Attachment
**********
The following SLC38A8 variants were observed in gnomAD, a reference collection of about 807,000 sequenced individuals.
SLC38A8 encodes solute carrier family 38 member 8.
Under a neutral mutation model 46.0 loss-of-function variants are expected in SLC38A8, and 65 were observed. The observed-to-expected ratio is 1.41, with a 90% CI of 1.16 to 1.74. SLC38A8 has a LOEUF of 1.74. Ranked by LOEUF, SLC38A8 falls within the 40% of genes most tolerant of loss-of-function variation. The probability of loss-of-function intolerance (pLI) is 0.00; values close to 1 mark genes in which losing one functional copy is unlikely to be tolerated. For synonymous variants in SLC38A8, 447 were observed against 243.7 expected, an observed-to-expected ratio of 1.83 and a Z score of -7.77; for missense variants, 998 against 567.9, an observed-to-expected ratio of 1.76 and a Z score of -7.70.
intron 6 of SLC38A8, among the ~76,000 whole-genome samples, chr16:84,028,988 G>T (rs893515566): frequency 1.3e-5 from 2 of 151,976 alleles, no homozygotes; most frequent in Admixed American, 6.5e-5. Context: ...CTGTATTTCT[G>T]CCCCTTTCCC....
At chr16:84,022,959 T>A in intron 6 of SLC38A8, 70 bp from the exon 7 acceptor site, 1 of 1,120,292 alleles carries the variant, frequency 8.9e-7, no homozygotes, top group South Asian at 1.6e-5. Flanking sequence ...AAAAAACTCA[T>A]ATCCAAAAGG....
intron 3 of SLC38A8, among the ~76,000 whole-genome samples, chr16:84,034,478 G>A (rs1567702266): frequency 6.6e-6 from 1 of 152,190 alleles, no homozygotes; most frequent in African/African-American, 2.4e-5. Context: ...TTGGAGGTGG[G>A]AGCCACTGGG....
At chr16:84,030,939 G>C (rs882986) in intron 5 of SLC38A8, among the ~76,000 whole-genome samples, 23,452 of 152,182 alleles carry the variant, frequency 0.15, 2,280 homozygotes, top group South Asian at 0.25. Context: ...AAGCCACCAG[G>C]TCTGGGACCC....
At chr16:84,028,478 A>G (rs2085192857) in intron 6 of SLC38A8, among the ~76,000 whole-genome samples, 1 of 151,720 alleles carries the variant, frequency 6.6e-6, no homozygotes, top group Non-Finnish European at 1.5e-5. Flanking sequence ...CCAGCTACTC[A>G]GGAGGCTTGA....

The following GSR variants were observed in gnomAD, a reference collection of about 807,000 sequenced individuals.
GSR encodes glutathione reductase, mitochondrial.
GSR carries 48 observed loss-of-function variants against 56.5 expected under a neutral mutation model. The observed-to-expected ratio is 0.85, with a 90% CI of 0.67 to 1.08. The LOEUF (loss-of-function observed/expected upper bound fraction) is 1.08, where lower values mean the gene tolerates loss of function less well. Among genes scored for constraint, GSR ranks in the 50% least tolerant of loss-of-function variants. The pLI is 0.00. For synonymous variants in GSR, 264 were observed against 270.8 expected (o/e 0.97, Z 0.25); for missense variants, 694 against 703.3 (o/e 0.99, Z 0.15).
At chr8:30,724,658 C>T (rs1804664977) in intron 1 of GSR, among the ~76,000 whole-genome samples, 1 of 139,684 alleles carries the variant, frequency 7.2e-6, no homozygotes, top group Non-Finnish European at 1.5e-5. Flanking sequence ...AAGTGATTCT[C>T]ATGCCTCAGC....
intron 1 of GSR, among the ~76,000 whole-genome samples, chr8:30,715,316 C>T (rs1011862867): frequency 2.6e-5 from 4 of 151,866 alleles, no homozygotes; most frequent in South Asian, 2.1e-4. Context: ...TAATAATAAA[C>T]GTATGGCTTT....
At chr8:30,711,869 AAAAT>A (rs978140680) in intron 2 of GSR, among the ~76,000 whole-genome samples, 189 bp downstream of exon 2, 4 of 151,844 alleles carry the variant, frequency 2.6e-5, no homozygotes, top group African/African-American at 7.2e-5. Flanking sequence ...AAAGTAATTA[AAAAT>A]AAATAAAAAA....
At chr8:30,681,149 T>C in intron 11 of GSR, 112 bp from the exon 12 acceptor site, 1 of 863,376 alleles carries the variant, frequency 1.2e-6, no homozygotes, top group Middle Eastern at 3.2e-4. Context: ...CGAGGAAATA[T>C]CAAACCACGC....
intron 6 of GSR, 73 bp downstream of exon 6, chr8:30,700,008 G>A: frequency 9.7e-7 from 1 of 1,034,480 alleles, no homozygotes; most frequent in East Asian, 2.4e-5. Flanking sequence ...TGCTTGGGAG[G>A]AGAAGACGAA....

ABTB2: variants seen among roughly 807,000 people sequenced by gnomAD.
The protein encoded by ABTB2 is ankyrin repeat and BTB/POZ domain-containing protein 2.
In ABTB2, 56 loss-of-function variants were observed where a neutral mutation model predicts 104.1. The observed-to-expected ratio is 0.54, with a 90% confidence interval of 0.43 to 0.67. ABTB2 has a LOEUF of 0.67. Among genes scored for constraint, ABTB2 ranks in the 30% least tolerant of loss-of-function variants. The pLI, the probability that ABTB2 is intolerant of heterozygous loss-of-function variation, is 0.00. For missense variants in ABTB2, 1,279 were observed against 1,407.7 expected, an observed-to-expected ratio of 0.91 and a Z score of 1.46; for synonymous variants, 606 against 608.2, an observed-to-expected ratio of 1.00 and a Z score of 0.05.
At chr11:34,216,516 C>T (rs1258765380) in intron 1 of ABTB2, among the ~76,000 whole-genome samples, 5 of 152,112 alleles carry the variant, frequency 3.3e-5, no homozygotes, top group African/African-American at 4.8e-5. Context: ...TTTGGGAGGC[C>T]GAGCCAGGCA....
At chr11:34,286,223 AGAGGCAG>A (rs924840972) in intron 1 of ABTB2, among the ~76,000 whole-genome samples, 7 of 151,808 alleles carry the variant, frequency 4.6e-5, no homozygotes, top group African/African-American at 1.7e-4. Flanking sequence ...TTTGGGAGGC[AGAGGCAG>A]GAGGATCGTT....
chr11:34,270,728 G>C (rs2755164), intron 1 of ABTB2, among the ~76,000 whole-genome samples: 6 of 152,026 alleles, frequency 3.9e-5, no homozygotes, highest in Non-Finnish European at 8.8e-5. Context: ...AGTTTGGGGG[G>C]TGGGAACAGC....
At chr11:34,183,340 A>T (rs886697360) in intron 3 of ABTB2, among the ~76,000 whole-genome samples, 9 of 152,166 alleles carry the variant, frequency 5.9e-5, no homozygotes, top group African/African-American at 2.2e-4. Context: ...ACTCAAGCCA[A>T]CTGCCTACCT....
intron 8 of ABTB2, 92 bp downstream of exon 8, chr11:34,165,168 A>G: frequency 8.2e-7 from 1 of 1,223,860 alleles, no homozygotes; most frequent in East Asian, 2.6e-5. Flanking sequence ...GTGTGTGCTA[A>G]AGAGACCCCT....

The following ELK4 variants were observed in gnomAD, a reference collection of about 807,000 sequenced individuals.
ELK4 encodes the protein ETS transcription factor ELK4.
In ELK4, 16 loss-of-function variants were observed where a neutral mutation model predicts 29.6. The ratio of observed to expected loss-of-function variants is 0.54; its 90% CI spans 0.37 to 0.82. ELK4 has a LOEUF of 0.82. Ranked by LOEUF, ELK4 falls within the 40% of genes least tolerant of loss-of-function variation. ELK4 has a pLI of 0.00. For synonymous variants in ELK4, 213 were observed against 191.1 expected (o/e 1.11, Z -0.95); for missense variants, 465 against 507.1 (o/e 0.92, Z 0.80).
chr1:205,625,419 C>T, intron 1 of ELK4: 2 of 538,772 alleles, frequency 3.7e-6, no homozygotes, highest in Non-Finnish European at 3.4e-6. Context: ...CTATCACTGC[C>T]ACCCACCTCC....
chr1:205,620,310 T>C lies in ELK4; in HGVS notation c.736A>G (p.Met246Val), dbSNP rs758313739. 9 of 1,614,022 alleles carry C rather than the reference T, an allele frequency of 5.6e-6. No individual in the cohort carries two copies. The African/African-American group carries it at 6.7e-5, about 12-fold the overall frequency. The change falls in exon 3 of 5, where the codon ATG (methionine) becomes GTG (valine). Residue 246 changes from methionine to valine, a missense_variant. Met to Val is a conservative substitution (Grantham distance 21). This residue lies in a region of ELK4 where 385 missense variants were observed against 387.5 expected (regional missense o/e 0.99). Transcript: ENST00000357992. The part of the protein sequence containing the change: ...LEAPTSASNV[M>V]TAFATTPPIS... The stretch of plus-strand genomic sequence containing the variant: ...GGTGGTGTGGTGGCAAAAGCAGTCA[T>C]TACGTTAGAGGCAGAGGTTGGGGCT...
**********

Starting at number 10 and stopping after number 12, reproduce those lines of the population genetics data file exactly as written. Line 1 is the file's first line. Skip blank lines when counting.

GSR encodes glutathione reductase, mitochondrial.
GSR carries 48 observed loss-of-function variants against 56.5 expected under a neutral mutation model. The observed-to-expected ratio is 0.85, with a 90% CI of 0.67 to 1.08. The LOEUF (loss-of-function observed/expected upper bound fraction) is 1.08, where lower values mean the gene tolerates loss of function less well. Among genes scored for constraint, GSR ranks in the 50% least tolerant of loss-of-function variants. The pLI is 0.00. For synonymous variants in GSR, 264 were observed against 270.8 expected (o/e 0.97, Z 0.25); for missense variants, 694 against 703.3 (o/e 0.99, Z 0.15).
At chr8:30,724,658 C>T (rs1804664977) in intron 1 of GSR, among the ~76,000 whole-genome samples, 1 of 139,684 alleles carries the variant, frequency 7.2e-6, no homozygotes, top group Non-Finnish European at 1.5e-5. Flanking sequence ...AAGTGATTCT[C>T]ATGCCTCAGC....